In what weathermen are calling “historic” flooding, those along the Missouri, Elkhorn and Platte Rivers are enduring loss of homes, productivity and livestock. According to Reuters, the end isn’t coming anytime soon.
“We’re looking at widespread flooding that continues until at least early next week in the Plains and Midwest region,” Marc Chenard with the National Weather Service . Additional cities in Iowa, Missouri and Nebraska are expected to be evacuated this week.
Last week Governor Pete Ricketts declared a statewide emergency for Nebraska citizens. So far, two people have died in the floodwaters.
In addition, row crop farmers are facing the possibility of losing their livelihood for the season. Planting is around the corner and water levels don’t look to subside anytime soon. And even when they do, mud means more delays for farmers.
They just cancelled school county wide till Wednesday. That gives you a little bit of an idea of the infrastructure damage and repair we are dealing with. Still active flooding in many areas. Especially to the South east.— kenny reinke (@reinke_farms) March 17, 2019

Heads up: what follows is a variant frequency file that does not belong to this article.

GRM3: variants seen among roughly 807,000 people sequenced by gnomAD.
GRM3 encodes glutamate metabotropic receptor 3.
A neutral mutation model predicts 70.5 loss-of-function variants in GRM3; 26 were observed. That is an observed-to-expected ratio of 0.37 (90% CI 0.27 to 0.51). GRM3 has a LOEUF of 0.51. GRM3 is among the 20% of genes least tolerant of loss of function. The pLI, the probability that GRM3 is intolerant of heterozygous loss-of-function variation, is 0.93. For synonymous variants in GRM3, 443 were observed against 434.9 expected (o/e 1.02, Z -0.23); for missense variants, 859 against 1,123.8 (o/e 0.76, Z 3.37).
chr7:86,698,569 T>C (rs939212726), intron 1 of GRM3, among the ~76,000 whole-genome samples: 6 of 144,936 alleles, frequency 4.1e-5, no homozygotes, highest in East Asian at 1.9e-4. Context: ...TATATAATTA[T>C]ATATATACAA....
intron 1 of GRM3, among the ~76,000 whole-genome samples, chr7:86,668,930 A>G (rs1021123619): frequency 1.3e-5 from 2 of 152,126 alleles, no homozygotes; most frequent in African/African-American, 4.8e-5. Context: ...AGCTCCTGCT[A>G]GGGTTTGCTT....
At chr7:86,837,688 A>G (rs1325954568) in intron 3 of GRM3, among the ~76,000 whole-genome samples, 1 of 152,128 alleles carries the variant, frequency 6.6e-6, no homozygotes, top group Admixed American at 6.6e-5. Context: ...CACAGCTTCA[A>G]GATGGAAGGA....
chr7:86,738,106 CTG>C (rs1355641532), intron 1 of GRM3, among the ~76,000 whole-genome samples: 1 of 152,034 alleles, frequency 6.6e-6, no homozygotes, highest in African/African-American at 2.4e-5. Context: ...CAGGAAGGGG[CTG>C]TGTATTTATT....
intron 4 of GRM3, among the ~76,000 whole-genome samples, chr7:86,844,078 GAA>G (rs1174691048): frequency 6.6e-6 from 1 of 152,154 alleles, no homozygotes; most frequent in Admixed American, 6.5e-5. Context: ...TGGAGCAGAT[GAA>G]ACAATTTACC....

Historic flooding continues across the Plains and Midwest this week with many rivers at "major flood" stage. Many roads are closed due to flooding in the region and they're closed for good reason. 50% of all flood deaths are vehicle related. Turn around, don't drown! pic.twitter.com/a557SvaKJj— NWS (@NWS) March 18, 2019
A relatively quiet weather pattern is forecast for the next several days. Historic flooding is ongoing in the Plains, however, so any additional precipitation will, likely, not be welcome. Rain with mountain snow returns to California, and it gets rainy for portions of Florida. pic.twitter.com/2wlZVwoSvU— NWS (@NWS) March 18, 2019
@realDonaldTrump In case nobody knows the Spencer Dam in Nebraska broke. Over 50% of the state underwater the other 50% got anywhere from a foot to 5ft of snow. And we are getting NO HELP. And the flooding is only getting worse. HELP NEBRASKA PLEASE pic.twitter.com/g56cxC24yn— Jane Johnson (@JaneJoh19844601) March 16, 2019
.@SenSasse and I joined @NENationalGuard to get an aerial view of flooding impact as we traveled to thank volunteers in Fremont, address a community meeting in Niobrara, and receive a briefing in Lynch. More here: https://t.co/78cd5jkTOG#NebraskaFlood | #NebraskaStrong pic.twitter.com/h32kyx0NE4— Gov. Pete Ricketts (@GovRicketts) March 16, 2019